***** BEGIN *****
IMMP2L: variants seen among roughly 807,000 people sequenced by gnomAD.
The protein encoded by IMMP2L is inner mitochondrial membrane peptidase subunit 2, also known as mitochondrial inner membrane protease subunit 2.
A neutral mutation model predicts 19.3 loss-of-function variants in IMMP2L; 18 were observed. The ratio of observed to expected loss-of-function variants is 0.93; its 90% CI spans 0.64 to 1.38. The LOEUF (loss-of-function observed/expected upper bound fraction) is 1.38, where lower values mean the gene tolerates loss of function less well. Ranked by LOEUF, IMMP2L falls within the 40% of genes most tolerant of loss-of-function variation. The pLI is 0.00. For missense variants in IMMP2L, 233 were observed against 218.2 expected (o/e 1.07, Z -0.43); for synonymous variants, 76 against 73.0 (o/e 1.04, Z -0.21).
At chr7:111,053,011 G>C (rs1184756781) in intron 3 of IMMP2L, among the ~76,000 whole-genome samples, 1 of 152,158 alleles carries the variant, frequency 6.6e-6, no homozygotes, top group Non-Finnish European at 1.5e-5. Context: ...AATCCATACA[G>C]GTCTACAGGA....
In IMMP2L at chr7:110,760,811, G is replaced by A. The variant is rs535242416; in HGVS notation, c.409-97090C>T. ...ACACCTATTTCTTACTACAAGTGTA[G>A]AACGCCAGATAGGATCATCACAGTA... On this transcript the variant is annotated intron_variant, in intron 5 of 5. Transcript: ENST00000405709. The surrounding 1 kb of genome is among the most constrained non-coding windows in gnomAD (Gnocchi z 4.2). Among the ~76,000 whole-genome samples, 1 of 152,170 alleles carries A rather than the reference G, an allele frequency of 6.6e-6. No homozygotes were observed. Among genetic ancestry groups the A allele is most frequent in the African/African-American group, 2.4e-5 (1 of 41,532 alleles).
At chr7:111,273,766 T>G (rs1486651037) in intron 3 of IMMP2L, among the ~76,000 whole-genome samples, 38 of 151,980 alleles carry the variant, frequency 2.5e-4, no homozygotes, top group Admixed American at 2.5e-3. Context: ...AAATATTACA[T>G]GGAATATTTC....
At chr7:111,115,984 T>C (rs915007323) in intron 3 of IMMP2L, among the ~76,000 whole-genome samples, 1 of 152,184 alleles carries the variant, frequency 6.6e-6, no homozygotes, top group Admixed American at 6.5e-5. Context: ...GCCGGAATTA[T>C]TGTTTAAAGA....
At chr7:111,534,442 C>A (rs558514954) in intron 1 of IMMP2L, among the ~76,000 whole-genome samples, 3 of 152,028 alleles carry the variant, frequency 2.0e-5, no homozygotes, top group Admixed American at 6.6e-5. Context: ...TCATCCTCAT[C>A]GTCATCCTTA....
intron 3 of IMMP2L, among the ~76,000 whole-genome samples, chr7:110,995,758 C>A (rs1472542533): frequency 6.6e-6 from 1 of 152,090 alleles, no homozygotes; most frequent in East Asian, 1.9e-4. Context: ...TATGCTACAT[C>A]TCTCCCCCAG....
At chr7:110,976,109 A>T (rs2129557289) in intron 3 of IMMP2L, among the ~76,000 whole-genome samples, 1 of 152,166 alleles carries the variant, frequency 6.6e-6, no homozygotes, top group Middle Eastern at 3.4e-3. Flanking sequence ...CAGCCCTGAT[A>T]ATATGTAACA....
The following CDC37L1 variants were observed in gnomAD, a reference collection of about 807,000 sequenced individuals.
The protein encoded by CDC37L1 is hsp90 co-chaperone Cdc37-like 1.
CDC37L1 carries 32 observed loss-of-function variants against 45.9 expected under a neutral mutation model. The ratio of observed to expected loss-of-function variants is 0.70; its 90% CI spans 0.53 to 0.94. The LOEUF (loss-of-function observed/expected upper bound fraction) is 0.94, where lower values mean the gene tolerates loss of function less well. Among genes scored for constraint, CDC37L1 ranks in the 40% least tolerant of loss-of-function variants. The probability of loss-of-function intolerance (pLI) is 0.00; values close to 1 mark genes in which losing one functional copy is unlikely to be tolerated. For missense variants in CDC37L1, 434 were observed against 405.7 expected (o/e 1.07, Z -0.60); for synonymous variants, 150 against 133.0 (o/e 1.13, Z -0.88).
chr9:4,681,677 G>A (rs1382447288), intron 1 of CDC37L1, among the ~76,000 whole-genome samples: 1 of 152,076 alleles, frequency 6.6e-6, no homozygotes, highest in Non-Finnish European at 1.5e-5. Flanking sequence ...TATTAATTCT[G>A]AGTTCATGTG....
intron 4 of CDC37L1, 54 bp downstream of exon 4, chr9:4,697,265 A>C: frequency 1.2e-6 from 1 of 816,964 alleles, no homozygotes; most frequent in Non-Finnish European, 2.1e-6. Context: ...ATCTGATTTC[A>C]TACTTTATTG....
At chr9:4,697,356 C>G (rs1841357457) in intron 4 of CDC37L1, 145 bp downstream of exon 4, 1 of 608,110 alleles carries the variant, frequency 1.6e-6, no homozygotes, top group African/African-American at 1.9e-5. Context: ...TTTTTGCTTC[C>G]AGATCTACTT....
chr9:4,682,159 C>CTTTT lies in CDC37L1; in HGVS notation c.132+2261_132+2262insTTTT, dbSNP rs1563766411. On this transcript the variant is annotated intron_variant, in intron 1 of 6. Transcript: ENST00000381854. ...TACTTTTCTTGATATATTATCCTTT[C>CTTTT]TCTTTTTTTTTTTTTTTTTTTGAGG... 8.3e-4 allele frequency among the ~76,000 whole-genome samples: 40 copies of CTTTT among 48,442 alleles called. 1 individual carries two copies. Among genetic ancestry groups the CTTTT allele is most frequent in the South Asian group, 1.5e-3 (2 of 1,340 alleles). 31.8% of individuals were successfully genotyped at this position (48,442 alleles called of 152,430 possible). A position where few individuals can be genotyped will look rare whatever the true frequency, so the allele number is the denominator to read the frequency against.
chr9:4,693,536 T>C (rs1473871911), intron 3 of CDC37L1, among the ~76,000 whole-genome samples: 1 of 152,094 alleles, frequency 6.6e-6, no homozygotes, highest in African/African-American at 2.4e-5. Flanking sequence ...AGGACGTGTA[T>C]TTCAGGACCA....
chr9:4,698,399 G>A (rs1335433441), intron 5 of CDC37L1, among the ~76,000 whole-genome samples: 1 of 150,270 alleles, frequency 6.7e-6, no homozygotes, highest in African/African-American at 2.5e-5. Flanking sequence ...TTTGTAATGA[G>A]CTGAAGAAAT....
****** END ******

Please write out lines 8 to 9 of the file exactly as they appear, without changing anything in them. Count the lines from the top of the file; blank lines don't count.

At chr7:111,534,442 C>A (rs558514954) in intron 1 of IMMP2L, among the ~76,000 whole-genome samples, 3 of 152,028 alleles carry the variant, frequency 2.0e-5, no homozygotes, top group Admixed American at 6.6e-5. Context: ...TCATCCTCAT[C>A]GTCATCCTTA....
intron 3 of IMMP2L, among the ~76,000 whole-genome samples, chr7:110,995,758 C>A (rs1472542533): frequency 6.6e-6 from 1 of 152,090 alleles, no homozygotes; most frequent in East Asian, 1.9e-4. Context: ...TATGCTACAT[C>A]TCTCCCCCAG....